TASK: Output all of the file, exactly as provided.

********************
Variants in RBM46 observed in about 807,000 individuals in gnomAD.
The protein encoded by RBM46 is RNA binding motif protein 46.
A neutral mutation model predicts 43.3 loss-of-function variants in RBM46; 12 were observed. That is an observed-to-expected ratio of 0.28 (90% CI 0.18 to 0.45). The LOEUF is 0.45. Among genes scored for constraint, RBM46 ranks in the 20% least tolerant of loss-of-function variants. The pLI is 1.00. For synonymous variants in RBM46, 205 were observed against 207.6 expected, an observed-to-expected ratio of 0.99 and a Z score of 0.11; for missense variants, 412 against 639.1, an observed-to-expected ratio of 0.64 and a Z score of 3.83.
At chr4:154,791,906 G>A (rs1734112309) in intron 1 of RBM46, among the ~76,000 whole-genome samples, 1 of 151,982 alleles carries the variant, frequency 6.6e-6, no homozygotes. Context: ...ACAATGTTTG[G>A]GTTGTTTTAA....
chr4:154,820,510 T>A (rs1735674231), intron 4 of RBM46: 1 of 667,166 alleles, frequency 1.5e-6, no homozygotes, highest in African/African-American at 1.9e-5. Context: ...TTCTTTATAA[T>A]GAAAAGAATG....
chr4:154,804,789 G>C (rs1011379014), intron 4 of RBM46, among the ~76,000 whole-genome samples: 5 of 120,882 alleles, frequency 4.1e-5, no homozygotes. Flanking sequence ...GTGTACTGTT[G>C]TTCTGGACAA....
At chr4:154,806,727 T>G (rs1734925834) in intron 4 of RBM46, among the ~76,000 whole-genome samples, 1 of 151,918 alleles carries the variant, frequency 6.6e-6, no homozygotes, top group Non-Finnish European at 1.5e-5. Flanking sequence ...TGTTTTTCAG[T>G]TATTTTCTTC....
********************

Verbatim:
Variants in RBM46 observed in about 807,000 individuals in gnomAD.
The protein encoded by RBM46 is RNA binding motif protein 46.
A neutral mutation model predicts 43.3 loss-of-function variants in RBM46; 12 were observed. That is an observed-to-expected ratio of 0.28 (90% CI 0.18 to 0.45). The LOEUF is 0.45. Among genes scored for constraint, RBM46 ranks in the 20% least tolerant of loss-of-function variants. The pLI is 1.00. For synonymous variants in RBM46, 205 were observed against 207.6 expected, an observed-to-expected ratio of 0.99 and a Z score of 0.11; for missense variants, 412 against 639.1, an observed-to-expected ratio of 0.64 and a Z score of 3.83.
At chr4:154,791,906 G>A (rs1734112309) in intron 1 of RBM46, among the ~76,000 whole-genome samples, 1 of 151,982 alleles carries the variant, frequency 6.6e-6, no homozygotes. Context: ...ACAATGTTTG[G>A]GTTGTTTTAA....
chr4:154,820,510 T>A (rs1735674231), intron 4 of RBM46: 1 of 667,166 alleles, frequency 1.5e-6, no homozygotes, highest in African/African-American at 1.9e-5. Context: ...TTCTTTATAA[T>A]GAAAAGAATG....
chr4:154,804,789 G>C (rs1011379014), intron 4 of RBM46, among the ~76,000 whole-genome samples: 5 of 120,882 alleles, frequency 4.1e-5, no homozygotes. Flanking sequence ...GTGTACTGTT[G>C]TTCTGGACAA....
At chr4:154,806,727 T>G (rs1734925834) in intron 4 of RBM46, among the ~76,000 whole-genome samples, 1 of 151,918 alleles carries the variant, frequency 6.6e-6, no homozygotes, top group Non-Finnish European at 1.5e-5. Flanking sequence ...TGTTTTTCAG[T>G]TATTTTCTTC....